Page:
The experience of the ONC in its first few years of existence warns against allowing it to exert too much control over HIT. In 2004, the ONC was originally envisioned as the “coordinator” of HIT. However, in 2009, the ONC became the financier, certifier, and regulator of much of HIT. The federal government allocated a 5-year budget of $30 billion to disburse as incentives to hospitals, physicians’ offices, and other health facilities, as encouragement to install electronic health records (EHRs). ONC was given the power to certify EHRs that would qualify providers for the incentive payments.  A new NCPA study concludes that this has proven expensive, unproductive, and potentially harmful, which leads to the conclusion that the federal government should play a minimal role in guiding HIT over the next decade.

21st Century Cures: Waking Up Dormant Drug Therapies

A similar version of this Health Alert appeared at Forbes.

Representative Fred Upton, Chairman of the House Energy & Commerce Committee, recently released a discussion draft of legislative language for the 21st Century Cures Initiative. This initiative attempts nothing less than to “boil the ocean” of regulations and incentives that govern medical innovation in the U.S. The 400-plus-page draft rolls up a number of previously proposed bills (including an updated version of Representative Marsha Blackburn’s SOFTWARE Act, discussed in a previous Health Alert).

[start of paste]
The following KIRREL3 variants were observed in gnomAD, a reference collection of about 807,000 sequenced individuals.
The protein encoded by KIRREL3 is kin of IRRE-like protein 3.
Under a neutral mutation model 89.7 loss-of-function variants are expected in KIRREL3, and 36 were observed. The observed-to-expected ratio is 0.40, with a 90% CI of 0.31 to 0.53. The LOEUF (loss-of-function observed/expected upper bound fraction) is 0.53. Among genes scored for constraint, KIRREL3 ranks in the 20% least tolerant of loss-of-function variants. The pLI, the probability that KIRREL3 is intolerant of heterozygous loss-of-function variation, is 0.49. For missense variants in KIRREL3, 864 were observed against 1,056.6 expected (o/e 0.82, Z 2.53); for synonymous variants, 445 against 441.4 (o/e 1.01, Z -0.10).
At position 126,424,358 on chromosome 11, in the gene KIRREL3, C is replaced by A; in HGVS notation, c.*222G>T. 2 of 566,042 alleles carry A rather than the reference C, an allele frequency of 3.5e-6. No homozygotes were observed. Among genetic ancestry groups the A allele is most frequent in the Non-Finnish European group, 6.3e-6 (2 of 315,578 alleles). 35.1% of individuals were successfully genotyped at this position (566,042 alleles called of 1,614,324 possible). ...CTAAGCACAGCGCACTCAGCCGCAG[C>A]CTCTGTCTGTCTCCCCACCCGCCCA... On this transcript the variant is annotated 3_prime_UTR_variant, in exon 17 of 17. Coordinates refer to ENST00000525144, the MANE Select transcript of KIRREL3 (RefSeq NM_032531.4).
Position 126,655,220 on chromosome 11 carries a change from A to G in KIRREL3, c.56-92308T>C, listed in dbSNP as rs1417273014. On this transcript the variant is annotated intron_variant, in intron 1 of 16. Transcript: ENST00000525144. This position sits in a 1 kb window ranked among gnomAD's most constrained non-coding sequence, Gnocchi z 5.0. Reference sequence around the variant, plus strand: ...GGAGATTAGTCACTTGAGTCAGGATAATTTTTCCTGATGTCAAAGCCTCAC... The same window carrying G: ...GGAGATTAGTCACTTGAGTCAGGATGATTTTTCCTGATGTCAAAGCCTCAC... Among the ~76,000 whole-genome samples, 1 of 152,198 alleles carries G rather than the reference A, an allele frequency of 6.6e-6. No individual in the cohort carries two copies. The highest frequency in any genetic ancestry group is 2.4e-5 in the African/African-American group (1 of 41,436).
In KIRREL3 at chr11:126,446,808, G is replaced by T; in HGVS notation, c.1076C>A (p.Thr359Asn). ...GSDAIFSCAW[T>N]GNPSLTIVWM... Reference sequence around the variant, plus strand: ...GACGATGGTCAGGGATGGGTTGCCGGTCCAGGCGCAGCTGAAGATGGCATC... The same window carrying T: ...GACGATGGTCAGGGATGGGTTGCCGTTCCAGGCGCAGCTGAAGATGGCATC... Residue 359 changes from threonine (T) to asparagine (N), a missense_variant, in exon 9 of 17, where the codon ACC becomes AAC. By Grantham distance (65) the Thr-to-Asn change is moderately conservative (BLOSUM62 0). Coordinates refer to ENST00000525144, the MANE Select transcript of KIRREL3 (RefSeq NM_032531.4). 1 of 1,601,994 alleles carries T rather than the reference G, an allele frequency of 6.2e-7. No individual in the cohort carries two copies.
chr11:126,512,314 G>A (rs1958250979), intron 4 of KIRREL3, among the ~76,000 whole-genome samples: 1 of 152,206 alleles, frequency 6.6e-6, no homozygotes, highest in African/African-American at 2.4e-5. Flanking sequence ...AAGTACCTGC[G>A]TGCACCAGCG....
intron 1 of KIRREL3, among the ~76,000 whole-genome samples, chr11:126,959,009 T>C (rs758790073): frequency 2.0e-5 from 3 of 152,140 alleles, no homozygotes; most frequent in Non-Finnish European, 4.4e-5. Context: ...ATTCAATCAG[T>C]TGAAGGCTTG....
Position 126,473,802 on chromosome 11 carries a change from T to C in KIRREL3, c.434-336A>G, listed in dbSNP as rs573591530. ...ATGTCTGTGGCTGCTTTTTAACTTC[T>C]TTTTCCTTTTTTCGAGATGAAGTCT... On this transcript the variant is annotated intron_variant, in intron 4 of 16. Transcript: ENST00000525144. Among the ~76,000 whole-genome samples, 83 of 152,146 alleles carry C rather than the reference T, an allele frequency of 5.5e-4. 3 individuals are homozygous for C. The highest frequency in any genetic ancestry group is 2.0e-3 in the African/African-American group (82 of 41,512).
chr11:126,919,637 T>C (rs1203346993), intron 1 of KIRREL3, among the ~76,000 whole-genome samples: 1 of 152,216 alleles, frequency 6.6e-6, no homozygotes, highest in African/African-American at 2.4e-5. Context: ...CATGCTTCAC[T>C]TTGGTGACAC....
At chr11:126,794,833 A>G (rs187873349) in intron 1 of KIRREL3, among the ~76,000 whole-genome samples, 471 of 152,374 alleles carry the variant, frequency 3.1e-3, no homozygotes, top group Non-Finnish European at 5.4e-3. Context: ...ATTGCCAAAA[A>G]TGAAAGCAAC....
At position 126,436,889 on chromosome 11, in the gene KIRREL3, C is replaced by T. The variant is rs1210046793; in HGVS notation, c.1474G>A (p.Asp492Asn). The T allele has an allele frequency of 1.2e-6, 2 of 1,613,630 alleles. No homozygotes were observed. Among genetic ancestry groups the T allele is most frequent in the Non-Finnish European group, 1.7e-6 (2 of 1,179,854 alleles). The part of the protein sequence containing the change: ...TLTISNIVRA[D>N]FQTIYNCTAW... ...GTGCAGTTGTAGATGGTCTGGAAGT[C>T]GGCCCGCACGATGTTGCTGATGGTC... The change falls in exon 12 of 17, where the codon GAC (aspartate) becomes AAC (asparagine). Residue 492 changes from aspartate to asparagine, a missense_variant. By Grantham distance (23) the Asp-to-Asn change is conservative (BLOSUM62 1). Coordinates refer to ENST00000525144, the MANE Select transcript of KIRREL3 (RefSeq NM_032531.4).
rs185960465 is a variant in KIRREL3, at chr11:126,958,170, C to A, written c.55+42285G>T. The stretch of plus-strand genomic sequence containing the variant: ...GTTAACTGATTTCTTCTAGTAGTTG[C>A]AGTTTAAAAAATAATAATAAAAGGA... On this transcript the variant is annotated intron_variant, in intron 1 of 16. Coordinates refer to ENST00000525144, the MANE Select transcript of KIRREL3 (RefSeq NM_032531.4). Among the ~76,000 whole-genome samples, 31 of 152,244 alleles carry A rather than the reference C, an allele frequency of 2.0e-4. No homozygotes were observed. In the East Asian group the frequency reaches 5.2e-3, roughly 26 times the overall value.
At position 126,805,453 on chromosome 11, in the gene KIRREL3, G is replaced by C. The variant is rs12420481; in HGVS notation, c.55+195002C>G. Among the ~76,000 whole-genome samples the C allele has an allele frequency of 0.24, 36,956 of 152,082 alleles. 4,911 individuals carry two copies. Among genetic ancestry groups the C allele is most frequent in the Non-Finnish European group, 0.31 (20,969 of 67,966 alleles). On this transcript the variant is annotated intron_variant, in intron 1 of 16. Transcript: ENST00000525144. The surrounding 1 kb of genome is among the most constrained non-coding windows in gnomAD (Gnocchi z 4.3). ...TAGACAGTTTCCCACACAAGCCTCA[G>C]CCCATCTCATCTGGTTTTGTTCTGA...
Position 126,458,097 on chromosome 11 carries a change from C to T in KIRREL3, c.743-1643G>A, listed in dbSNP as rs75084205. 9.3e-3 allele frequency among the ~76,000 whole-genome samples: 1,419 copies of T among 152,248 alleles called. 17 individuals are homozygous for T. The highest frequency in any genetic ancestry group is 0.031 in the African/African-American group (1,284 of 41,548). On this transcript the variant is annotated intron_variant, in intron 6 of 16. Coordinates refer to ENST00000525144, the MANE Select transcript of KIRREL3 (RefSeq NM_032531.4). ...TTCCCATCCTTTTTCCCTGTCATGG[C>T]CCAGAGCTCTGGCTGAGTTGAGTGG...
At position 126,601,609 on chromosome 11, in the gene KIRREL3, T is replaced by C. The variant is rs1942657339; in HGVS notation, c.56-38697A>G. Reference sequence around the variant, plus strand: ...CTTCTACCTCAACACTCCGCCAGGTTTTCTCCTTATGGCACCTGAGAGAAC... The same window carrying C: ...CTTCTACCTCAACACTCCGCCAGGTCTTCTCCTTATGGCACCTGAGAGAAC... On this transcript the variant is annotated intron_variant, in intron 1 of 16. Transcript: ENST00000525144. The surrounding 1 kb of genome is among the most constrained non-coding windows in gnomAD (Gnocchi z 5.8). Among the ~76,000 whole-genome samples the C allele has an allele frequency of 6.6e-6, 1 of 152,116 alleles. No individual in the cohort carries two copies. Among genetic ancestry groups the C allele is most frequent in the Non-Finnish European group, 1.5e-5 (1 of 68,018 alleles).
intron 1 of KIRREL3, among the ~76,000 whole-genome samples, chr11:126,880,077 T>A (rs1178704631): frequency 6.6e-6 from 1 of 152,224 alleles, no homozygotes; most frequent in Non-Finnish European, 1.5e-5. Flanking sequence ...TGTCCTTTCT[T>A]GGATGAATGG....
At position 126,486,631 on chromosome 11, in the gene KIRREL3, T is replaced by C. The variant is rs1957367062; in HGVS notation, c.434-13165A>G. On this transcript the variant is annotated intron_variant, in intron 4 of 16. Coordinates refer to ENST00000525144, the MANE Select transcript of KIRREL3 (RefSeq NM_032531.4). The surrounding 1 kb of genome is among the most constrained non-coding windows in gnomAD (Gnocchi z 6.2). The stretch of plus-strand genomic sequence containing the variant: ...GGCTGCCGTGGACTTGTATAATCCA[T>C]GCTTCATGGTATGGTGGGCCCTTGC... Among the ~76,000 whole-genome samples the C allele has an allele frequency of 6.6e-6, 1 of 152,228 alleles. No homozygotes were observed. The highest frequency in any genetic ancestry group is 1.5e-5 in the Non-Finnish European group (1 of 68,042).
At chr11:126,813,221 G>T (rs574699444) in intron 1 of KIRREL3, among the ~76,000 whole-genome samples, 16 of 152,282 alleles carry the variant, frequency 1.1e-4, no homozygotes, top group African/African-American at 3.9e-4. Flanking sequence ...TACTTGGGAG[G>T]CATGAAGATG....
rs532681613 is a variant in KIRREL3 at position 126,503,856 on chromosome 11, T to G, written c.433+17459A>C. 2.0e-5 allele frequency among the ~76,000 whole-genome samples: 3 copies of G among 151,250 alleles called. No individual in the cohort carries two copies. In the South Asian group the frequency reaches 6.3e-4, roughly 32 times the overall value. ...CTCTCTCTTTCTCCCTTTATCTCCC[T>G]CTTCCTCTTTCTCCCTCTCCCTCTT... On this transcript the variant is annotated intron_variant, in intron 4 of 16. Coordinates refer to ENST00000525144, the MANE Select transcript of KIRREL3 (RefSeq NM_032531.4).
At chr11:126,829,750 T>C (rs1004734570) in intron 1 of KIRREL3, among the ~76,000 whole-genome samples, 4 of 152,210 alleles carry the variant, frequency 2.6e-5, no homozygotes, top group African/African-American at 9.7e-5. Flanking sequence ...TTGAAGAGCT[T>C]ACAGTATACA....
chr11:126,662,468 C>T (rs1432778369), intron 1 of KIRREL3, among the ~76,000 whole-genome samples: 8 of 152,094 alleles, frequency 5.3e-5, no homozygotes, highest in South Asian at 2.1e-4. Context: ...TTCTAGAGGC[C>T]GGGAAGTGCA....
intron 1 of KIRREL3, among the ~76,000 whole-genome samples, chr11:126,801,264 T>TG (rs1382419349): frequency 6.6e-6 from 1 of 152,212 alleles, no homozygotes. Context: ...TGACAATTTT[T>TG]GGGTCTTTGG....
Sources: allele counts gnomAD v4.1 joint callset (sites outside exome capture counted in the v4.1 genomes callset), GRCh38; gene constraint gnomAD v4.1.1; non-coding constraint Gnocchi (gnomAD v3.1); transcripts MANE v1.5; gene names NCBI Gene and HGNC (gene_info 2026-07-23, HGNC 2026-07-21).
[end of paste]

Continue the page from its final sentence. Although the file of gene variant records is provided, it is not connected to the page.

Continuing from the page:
A large share of the draft incorporates legislation designed to improve the incentives for inventing new medicines, or finding new uses for old medicines. This is important, because we are facing a crisis in pharmaceutical innovation.

One of these is the Dormant Therapies Act, put forward by Senator Orrin Hatch (R-UT) and Senator Michael Bennet (D-CO). This would give a “dormant therapy” 15 years of marketing exclusivity after approval by the Food and Drug Administration (FDA), significantly more than currently exists.

The designation of “dormant therapy” will add to the complexity of other designations already in law: breakthrough, pediatric, orphan and fast-track. Currently, the longest terms of exclusivity are for orphan drugs (seven years) and biologics (12 years). Most new drugs only receive five years of marketing exclusivity.